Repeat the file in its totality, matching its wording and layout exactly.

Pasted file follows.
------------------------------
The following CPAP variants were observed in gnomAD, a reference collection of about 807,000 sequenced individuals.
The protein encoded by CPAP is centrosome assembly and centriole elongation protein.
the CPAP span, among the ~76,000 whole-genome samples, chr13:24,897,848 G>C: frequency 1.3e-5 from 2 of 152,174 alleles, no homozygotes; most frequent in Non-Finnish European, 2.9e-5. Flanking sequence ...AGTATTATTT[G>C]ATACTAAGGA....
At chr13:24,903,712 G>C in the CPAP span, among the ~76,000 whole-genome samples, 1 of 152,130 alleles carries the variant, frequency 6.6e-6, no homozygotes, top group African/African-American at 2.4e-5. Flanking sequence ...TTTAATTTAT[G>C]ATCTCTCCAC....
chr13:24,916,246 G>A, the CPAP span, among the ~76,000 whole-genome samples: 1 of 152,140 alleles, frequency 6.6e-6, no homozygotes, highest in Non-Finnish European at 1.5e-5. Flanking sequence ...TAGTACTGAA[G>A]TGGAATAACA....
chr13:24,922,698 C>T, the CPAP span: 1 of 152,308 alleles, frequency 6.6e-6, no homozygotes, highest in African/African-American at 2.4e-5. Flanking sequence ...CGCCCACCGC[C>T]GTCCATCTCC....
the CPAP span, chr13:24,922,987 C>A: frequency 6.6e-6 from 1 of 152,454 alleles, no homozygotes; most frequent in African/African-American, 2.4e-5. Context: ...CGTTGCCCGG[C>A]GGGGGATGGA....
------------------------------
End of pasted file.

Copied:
The following CPAP variants were observed in gnomAD, a reference collection of about 807,000 sequenced individuals.
The protein encoded by CPAP is centrosome assembly and centriole elongation protein.
the CPAP span, among the ~76,000 whole-genome samples, chr13:24,897,848 G>C: frequency 1.3e-5 from 2 of 152,174 alleles, no homozygotes; most frequent in Non-Finnish European, 2.9e-5. Flanking sequence ...AGTATTATTT[G>C]ATACTAAGGA....
At chr13:24,903,712 G>C in the CPAP span, among the ~76,000 whole-genome samples, 1 of 152,130 alleles carries the variant, frequency 6.6e-6, no homozygotes, top group African/African-American at 2.4e-5. Flanking sequence ...TTTAATTTAT[G>C]ATCTCTCCAC....
chr13:24,916,246 G>A, the CPAP span, among the ~76,000 whole-genome samples: 1 of 152,140 alleles, frequency 6.6e-6, no homozygotes, highest in Non-Finnish European at 1.5e-5. Flanking sequence ...TAGTACTGAA[G>A]TGGAATAACA....
chr13:24,922,698 C>T, the CPAP span: 1 of 152,308 alleles, frequency 6.6e-6, no homozygotes, highest in African/African-American at 2.4e-5. Flanking sequence ...CGCCCACCGC[C>T]GTCCATCTCC....
the CPAP span, chr13:24,922,987 C>A: frequency 6.6e-6 from 1 of 152,454 alleles, no homozygotes; most frequent in African/African-American, 2.4e-5. Context: ...CGTTGCCCGG[C>A]GGGGGATGGA....